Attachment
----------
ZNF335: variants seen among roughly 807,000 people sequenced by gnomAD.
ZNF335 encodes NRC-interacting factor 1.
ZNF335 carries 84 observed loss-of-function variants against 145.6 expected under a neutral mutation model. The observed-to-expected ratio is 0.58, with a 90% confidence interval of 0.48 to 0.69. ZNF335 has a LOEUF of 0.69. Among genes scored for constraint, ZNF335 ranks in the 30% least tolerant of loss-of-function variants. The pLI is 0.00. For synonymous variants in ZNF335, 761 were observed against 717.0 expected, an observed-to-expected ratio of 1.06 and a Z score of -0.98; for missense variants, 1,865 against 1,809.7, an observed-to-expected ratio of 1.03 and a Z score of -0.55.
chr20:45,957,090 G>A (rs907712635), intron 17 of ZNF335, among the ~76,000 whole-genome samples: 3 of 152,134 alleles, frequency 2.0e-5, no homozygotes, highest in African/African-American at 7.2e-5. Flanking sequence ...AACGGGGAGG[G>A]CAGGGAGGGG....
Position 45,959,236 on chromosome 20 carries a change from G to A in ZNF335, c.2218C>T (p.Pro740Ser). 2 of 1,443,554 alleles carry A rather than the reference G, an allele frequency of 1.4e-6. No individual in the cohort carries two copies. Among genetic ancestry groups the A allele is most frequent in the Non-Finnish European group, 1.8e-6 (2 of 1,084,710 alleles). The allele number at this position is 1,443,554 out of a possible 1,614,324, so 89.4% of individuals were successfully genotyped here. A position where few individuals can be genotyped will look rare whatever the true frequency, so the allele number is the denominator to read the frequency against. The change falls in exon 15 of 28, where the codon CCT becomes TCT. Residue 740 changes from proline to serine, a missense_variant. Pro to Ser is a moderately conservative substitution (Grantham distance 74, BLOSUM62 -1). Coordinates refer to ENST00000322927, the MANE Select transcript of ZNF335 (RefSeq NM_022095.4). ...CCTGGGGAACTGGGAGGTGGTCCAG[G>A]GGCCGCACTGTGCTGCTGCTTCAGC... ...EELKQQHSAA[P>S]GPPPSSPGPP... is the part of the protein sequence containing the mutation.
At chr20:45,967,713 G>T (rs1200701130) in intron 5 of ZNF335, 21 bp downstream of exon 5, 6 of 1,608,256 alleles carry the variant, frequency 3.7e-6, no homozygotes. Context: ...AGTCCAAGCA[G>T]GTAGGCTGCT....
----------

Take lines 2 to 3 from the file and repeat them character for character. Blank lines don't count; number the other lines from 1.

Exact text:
ZNF335 encodes NRC-interacting factor 1.
ZNF335 carries 84 observed loss-of-function variants against 145.6 expected under a neutral mutation model. The observed-to-expected ratio is 0.58, with a 90% confidence interval of 0.48 to 0.69. ZNF335 has a LOEUF of 0.69. Among genes scored for constraint, ZNF335 ranks in the 30% least tolerant of loss-of-function variants. The pLI is 0.00. For synonymous variants in ZNF335, 761 were observed against 717.0 expected, an observed-to-expected ratio of 1.06 and a Z score of -0.98; for missense variants, 1,865 against 1,809.7, an observed-to-expected ratio of 1.03 and a Z score of -0.55.